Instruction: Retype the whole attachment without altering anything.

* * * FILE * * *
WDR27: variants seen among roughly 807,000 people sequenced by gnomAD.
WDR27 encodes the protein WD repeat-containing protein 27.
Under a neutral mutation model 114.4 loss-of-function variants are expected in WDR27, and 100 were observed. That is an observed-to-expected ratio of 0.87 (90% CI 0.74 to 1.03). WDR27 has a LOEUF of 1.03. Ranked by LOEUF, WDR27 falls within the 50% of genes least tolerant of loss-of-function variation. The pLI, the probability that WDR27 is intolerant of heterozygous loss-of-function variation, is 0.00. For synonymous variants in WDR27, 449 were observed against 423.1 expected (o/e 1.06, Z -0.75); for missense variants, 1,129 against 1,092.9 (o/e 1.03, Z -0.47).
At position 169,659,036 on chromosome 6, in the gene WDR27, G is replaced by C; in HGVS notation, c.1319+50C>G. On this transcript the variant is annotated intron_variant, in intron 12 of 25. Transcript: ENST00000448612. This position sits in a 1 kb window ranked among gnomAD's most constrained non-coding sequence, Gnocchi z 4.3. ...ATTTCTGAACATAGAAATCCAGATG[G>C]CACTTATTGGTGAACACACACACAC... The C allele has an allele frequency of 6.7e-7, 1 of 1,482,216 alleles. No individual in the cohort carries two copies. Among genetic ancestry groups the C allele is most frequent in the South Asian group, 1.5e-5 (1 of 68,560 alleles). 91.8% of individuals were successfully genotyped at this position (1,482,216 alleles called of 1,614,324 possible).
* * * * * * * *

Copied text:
WDR27: variants seen among roughly 807,000 people sequenced by gnomAD.
WDR27 encodes the protein WD repeat-containing protein 27.
Under a neutral mutation model 114.4 loss-of-function variants are expected in WDR27, and 100 were observed. That is an observed-to-expected ratio of 0.87 (90% CI 0.74 to 1.03). WDR27 has a LOEUF of 1.03. Ranked by LOEUF, WDR27 falls within the 50% of genes least tolerant of loss-of-function variation. The pLI, the probability that WDR27 is intolerant of heterozygous loss-of-function variation, is 0.00. For synonymous variants in WDR27, 449 were observed against 423.1 expected (o/e 1.06, Z -0.75); for missense variants, 1,129 against 1,092.9 (o/e 1.03, Z -0.47).
At position 169,659,036 on chromosome 6, in the gene WDR27, G is replaced by C; in HGVS notation, c.1319+50C>G. On this transcript the variant is annotated intron_variant, in intron 12 of 25. Transcript: ENST00000448612. This position sits in a 1 kb window ranked among gnomAD's most constrained non-coding sequence, Gnocchi z 4.3. ...ATTTCTGAACATAGAAATCCAGATG[G>C]CACTTATTGGTGAACACACACACAC... The C allele has an allele frequency of 6.7e-7, 1 of 1,482,216 alleles. No individual in the cohort carries two copies. Among genetic ancestry groups the C allele is most frequent in the South Asian group, 1.5e-5 (1 of 68,560 alleles). 91.8% of individuals were successfully genotyped at this position (1,482,216 alleles called of 1,614,324 possible).